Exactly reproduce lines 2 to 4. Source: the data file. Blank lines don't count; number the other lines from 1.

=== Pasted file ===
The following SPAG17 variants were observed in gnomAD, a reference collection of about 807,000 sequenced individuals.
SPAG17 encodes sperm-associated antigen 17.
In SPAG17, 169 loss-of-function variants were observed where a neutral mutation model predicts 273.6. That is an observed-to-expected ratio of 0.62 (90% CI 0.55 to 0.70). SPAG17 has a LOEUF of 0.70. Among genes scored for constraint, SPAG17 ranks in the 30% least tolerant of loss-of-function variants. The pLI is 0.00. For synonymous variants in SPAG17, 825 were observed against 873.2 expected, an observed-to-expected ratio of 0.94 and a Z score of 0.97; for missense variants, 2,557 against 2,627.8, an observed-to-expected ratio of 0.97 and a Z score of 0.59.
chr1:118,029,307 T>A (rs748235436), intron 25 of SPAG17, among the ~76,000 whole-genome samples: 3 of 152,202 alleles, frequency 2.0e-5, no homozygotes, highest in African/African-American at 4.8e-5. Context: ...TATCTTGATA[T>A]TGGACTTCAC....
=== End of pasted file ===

SPAG17 encodes sperm-associated antigen 17.
In SPAG17, 169 loss-of-function variants were observed where a neutral mutation model predicts 273.6. That is an observed-to-expected ratio of 0.62 (90% CI 0.55 to 0.70). SPAG17 has a LOEUF of 0.70. Among genes scored for constraint, SPAG17 ranks in the 30% least tolerant of loss-of-function variants. The pLI is 0.00. For synonymous variants in SPAG17, 825 were observed against 873.2 expected, an observed-to-expected ratio of 0.94 and a Z score of 0.97; for missense variants, 2,557 against 2,627.8, an observed-to-expected ratio of 0.97 and a Z score of 0.59.
chr1:118,029,307 T>A (rs748235436), intron 25 of SPAG17, among the ~76,000 whole-genome samples: 3 of 152,202 alleles, frequency 2.0e-5, no homozygotes, highest in African/African-American at 4.8e-5. Context: ...TATCTTGATA[T>A]TGGACTTCAC....